Jamie Gibbons, Head of Education at the Addison Gallery of American Art, along with the Addison Ambassadors and the rest of the staff, have found ways to help community members connect with art, despite the pandemic and limited student population on campus. The Addison Gallery has been experimenting with different online platforms to broadcast exhibitions, workshops, and guest speakers.
In an email to The Phillipian, Gibbons wrote, “We continue to collaborate with classes from off campus as well as at [Andover], and instead of hosting classes in the galleries we’ve been joining classes live on Zoom as well as creating individually tailored videos and homework assignments. We’re lucky that almost all 23,000 objects in our collection are digitized and available as JPEGs, and we’ve commissioned 3D tours of the galleries that both classes and the public are using frequently.”
In addition to creating a museum experience online, the Addison has continued to showcase its art collections in person while following necessary Covid-19 procedures. It has introduced four new exhibitions as part of its partial reopening.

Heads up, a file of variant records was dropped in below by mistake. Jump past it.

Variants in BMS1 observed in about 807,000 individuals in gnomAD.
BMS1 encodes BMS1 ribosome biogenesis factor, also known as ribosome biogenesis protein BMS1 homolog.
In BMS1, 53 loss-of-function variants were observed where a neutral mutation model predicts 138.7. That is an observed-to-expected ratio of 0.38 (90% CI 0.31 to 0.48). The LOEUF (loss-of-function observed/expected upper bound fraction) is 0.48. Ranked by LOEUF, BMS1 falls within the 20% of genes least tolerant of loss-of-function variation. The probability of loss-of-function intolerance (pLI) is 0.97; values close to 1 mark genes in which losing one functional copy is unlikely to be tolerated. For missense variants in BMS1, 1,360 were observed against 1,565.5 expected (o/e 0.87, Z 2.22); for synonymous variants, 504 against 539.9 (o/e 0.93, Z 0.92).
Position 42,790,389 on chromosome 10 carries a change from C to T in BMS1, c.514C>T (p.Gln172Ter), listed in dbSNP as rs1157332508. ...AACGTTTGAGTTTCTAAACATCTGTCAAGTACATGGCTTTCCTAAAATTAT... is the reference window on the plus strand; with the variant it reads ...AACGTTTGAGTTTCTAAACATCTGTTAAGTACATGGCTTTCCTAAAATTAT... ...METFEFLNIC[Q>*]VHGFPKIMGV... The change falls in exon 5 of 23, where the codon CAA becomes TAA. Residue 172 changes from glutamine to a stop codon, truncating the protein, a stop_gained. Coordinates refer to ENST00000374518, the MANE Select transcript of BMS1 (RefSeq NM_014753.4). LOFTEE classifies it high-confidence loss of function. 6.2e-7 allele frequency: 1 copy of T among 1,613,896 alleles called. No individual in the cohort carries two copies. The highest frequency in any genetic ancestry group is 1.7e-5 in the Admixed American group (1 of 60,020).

“It’s been challenging adapting to new technologies, but we’re continuing to find ways to help everyone access museum resources. And of course the museum is open with advance reservation, so we’re accessible in a lot of ways,” wrote Gibbons.
The Addison Ambassadors, a group of students that typically plan Addison events, are also helping students engage with the museum’s artwork, according to Jessica Xu ’23. Xu, one of three returning Ambassadors this year, explained how Gibbons has guided the Ambassadors through the unique year by sharing “a positive attitude.”
According to Ambassador Ava Ratcliff ’21, the Ambassadors have continued to have opportunities to learn more about art and education. For example, Tamar Avishai, host of the podcast “The Lonely Palette,” recently spoke to the Ambassadors, giving insight about her work with Boston’s Museum of Fine Arts.
Despite missing the ability to spend time at the Addison in person, Ratcliff appreciates the different set of experiences this year, particularly the virtual way in which the art can be shared to the public.
Ratcliff said, “I would say it’s hard to say that there’s a benefit to the pandemic, but I am glad that I can see art that I normally wouldn’t be able to because our collection is virtual, and I also think it helps us reach a broader audience. You don’t have to physically be in Andover—virtual tours [allow for] anyone in the world to click onto [our website].”